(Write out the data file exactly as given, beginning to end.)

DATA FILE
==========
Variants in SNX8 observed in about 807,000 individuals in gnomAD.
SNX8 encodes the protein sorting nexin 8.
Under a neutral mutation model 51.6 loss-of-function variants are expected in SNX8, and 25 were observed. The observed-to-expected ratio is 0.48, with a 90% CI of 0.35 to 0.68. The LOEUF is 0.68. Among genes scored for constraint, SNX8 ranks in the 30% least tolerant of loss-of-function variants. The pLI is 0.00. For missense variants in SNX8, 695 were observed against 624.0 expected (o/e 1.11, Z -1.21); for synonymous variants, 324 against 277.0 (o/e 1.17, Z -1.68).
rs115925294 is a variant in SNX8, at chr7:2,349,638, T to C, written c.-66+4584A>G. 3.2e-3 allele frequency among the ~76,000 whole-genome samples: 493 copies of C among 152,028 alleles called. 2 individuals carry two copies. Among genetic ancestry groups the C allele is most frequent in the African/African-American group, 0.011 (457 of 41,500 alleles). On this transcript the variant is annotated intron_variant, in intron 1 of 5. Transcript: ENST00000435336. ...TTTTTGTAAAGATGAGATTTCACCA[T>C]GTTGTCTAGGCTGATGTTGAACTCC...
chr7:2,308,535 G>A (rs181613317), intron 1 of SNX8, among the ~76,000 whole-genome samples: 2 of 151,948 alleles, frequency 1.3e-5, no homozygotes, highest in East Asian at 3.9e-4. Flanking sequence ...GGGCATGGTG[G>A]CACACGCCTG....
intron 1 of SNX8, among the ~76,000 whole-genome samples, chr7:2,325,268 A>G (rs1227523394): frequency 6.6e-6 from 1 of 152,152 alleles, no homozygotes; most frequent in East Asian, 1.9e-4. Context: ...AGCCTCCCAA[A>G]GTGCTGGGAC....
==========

Variants in SNX8 observed in about 807,000 individuals in gnomAD.
SNX8 encodes the protein sorting nexin 8.
Under a neutral mutation model 51.6 loss-of-function variants are expected in SNX8, and 25 were observed. The observed-to-expected ratio is 0.48, with a 90% CI of 0.35 to 0.68. The LOEUF is 0.68. Among genes scored for constraint, SNX8 ranks in the 30% least tolerant of loss-of-function variants. The pLI is 0.00. For missense variants in SNX8, 695 were observed against 624.0 expected (o/e 1.11, Z -1.21); for synonymous variants, 324 against 277.0 (o/e 1.17, Z -1.68).
rs115925294 is a variant in SNX8, at chr7:2,349,638, T to C, written c.-66+4584A>G. 3.2e-3 allele frequency among the ~76,000 whole-genome samples: 493 copies of C among 152,028 alleles called. 2 individuals carry two copies. Among genetic ancestry groups the C allele is most frequent in the African/African-American group, 0.011 (457 of 41,500 alleles). On this transcript the variant is annotated intron_variant, in intron 1 of 5. Transcript: ENST00000435336. ...TTTTTGTAAAGATGAGATTTCACCA[T>C]GTTGTCTAGGCTGATGTTGAACTCC...
chr7:2,308,535 G>A (rs181613317), intron 1 of SNX8, among the ~76,000 whole-genome samples: 2 of 151,948 alleles, frequency 1.3e-5, no homozygotes, highest in East Asian at 3.9e-4. Flanking sequence ...GGGCATGGTG[G>A]CACACGCCTG....
intron 1 of SNX8, among the ~76,000 whole-genome samples, chr7:2,325,268 A>G (rs1227523394): frequency 6.6e-6 from 1 of 152,152 alleles, no homozygotes; most frequent in East Asian, 1.9e-4. Context: ...AGCCTCCCAA[A>G]GTGCTGGGAC....